White Pepper [Explicit Lyrics]

( 5 )

Editorial Reviews

Barnes & Noble - Dave Gil de Rubio
Ever since they released their lo-fi masterpiece GODWEENSATAN: THE ONENESS, Gene and Dean Ween a.k.a. Mickey Melchiondo and Aaron Freeman have continually bastardized a variety of musical genres while concocting the kind of lyrics that would make Beavis and Butt-head blush. On WHITE PEPPER, Ween go for the jugular of commercial credibility with a musically straightforward approach that quickly turns into a game of spot the influence. Among the more radio-friendly moments is the sweet, ELP-flavored acoustic ballad "She's Your Baby" and "Even If You Don't," a power-pop stomper that fuses together strains of Queen, Ben Folds Five, and Devo. Ween's impressive range ...
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Editorial Reviews

Barnes & Noble - Dave Gil de Rubio
Ever since they released their lo-fi masterpiece GODWEENSATAN: THE ONENESS, Gene and Dean Ween a.k.a. Mickey Melchiondo and Aaron Freeman have continually bastardized a variety of musical genres while concocting the kind of lyrics that would make Beavis and Butt-head blush. On WHITE PEPPER, Ween go for the jugular of commercial credibility with a musically straightforward approach that quickly turns into a game of spot the influence. Among the more radio-friendly moments is the sweet, ELP-flavored acoustic ballad "She's Your Baby" and "Even If You Don't," a power-pop stomper that fuses together strains of Queen, Ben Folds Five, and Devo. Ween's impressive range finds them dabbling in both prog-rock the mellotron soaked "Back to Bosom," reminiscent of MEDDLE-era Pink Floyd and soft rock the tropical-flavored "Bananas and Blow," which suggests Jimmy Buffett on a drug bender. Effortlessly changing gears, the New Hope, PA, natives also bounce from irresistible sitar-soaked psychedelia "Flutes of Chi" to crunching metal that sounds like Kiss on crystal meth "Stroker Ace". The brothers Ween even include the honky-tonk twang of "Falling Out," which could be an outtake from their 1996 country music experiment 12 GOLDEN COUNTRY GREATS.
All Music Guide - Stephen Thomas Erlewine
White Pepper is Ween's most accessible album to date, lacking their trademark flights of fancy and exuberant bizarreness. By any other standard, White Pepper is a weird, wild ride. Let's face it -- no other band would even think of recording tracks as diverse as the Brit-pop-styled "Even If You Don't," the Jimmy Buffett parody "Bananas and Blow," a slamming hardcore punk song named after a Burt Reynolds flick "Stroker Ace", a tape-warped baroque instrumental called "Ice Castles," and the psych-prog-tinged soft-rock epic "Back to Basom," let alone sequencing all of them in a row. To neophytes, such whiplash shifts in mood may seem alienating or intriguing, depending on their taste, but to any hardcore fan, it's not surprising and it might not even seem as funny as before. But, if you're listening to Ween just to chuckle, you're missing the point anyway, since they're not just consummate satirists -- check out the wonderful "Pandy Fackler," which mimics Steely Dan's lush jazz-pop, down to Gene's deadly Donald Fagen imitation -- they're consummate songwriters and musicians. Ween's music rewards multiple plays and White Pepper is ample proof. It may not be bracing, nor is it gonzo, yet it's a tight album filled with more pop gems than most bands can hope to achieve in their career. If that seems like hyperbole, especially for a duo that still indulges in silly dirty jokes, it's not. Yes, they may push the boundaries of good taste, but the music is always convincing, from the trippy "Exactly Where I'm At" and "Flutes of Chi" to the minor-key country stomper "Falling Out" and reflective ballad "She's Your Baby." If White Pepper isn't as crazy, funny, or sprawling as their previous albums, so be it -- it's more satisfying than most records.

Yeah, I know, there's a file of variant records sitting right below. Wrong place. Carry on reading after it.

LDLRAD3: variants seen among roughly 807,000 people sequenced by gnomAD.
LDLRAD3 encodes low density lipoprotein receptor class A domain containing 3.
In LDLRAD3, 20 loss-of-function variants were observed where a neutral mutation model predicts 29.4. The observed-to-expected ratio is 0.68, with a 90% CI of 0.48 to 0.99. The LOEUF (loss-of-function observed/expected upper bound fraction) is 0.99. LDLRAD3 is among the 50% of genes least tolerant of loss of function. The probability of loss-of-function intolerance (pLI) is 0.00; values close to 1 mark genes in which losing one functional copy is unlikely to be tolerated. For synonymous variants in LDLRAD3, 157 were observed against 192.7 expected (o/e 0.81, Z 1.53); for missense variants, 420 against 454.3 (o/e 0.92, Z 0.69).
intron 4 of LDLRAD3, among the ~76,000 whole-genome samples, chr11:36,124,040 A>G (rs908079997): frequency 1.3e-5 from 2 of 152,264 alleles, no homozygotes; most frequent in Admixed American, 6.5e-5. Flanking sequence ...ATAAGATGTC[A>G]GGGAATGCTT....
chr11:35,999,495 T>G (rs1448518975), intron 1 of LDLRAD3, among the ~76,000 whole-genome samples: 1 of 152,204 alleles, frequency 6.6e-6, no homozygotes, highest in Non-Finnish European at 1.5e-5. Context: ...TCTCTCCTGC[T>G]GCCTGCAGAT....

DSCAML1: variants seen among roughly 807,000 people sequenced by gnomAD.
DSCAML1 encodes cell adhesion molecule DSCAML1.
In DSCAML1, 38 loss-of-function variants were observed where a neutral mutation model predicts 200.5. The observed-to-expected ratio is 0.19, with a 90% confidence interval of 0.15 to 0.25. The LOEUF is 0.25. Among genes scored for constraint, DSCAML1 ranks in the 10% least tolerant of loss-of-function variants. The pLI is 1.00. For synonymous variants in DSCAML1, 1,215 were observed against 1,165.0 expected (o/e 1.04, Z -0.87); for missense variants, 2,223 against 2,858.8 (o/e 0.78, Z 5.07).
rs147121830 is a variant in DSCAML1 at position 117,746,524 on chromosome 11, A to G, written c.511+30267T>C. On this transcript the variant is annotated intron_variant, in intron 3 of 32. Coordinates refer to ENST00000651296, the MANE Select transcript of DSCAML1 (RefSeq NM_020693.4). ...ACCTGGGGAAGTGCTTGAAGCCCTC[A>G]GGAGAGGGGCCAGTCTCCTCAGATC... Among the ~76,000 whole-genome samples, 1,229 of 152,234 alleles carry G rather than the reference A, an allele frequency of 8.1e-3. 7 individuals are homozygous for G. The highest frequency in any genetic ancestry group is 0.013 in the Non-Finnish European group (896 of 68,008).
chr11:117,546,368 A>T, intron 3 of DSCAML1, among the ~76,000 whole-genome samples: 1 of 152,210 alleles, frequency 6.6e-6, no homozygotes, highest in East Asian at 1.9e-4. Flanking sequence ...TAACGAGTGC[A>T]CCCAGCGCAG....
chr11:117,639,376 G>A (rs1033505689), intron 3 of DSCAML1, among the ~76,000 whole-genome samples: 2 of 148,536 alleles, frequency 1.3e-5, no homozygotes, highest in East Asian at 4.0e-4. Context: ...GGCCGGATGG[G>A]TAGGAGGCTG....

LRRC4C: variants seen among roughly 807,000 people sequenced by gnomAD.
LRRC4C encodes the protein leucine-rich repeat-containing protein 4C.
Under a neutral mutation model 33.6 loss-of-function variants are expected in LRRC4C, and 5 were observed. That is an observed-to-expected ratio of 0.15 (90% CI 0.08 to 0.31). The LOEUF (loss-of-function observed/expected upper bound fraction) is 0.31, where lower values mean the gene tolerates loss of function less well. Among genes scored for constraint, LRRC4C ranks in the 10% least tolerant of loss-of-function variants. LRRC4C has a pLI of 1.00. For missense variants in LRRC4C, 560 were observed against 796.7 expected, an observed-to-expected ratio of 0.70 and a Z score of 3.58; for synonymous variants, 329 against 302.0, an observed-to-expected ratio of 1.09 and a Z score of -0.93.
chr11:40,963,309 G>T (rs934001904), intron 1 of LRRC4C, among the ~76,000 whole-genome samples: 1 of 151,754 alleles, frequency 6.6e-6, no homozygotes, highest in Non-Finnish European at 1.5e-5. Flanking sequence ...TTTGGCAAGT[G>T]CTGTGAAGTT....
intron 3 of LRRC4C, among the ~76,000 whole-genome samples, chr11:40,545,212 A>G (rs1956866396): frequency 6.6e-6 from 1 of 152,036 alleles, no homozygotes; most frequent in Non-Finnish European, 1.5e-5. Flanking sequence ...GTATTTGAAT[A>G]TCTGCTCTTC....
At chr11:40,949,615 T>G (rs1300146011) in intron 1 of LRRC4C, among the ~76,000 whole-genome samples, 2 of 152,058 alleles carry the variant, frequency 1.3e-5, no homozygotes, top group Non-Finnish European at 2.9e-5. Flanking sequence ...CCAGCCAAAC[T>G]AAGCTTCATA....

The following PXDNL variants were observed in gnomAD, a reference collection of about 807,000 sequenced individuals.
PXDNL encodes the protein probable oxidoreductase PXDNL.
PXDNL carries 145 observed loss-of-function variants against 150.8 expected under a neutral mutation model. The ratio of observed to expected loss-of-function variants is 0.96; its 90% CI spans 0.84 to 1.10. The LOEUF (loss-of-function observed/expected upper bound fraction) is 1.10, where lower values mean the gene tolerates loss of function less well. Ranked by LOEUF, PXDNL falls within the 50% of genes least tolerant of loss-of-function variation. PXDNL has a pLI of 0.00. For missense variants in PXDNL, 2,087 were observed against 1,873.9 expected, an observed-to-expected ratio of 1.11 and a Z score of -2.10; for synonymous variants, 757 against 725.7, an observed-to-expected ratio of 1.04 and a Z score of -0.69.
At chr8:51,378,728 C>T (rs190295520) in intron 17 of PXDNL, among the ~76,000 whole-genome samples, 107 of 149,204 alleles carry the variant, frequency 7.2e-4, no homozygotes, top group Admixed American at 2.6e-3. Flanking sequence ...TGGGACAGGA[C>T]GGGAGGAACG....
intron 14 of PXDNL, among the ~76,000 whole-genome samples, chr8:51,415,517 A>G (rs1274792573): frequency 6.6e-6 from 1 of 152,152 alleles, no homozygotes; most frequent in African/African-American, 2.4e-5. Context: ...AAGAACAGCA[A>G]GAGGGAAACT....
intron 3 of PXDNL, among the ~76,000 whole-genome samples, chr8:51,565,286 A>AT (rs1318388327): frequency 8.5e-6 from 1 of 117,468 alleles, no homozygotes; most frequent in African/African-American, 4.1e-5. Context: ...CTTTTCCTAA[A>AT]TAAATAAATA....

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Product Details

  • Release Date: 5/2/2000
  • Label: Elektra / Wea
  • UPC: 075596244947
  • Catalog Number: 62449

Tracks

Disc 1
  1. 1 Exactly Where I'm At (4:31)
  2. 2 Flutes of Chi (3:30)
  3. 3 Even If You Don't (3:25)
  4. 4 Bananas and Blow (3:34)